(Reuters) - A coalition of 20 U.S. states sued the federal government on Monday over Obamacare, claiming the law was no longer constitutional after the repeal last year of its requirement that people have health insurance or pay a fine.
Led by Texas Attorney General Ken Paxton and Wisconsin Attorney General Brad Schimel, the lawsuit said that without the individual mandate, which was eliminated as part of the Republican tax law signed by President Donald Trump in December, Obamacare was unlawful.
“The U.S. Supreme Court already admitted that an individual mandate without a tax penalty is unconstitutional,” Paxton said in a statement. “With no remaining legitimate basis for the law, it is time that Americans are finally free from the stranglehold of Obamacare, once and for all,” he said.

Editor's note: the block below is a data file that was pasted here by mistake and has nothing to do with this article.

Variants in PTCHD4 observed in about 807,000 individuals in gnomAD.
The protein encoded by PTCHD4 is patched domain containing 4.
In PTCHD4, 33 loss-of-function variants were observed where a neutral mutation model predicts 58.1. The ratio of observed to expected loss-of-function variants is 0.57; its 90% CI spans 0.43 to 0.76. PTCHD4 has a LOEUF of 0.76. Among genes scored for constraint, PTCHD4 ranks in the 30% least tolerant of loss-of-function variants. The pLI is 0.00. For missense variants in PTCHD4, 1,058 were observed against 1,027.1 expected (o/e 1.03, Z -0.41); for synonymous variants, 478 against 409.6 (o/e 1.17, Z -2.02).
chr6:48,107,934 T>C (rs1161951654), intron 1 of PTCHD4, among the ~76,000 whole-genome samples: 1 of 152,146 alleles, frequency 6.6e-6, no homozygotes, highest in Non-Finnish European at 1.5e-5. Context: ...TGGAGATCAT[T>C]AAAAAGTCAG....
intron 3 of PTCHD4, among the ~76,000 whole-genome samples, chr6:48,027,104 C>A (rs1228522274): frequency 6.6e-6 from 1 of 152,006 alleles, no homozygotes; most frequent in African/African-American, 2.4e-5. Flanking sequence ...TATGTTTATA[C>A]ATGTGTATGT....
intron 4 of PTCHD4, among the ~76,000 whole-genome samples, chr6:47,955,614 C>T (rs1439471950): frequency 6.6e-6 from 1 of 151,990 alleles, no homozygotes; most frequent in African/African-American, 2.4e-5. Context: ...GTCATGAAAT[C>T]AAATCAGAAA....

The U.S. Justice Department did not immediately respond to a request for comment on whether the Trump administration would defend the law in court.
The individual mandate in Obamacare was meant to ensure a viable health insurance market by forcing younger and healthier Americans to buy coverage.
Republicans have opposed the 2010 law formally known as the Affordable Care Act, the signature domestic policy achievement of Trump’s Democratic predecessor Barack Obama, since its inception.
Paxton and Schimel, both Republicans, were joined in the lawsuit by 18 states including Arizona, Florida, Georgia, Utah and West Virginia. It was filed in U.S. District Court in the Northern District of Texas.
Reporting by Eric Beech in Washington
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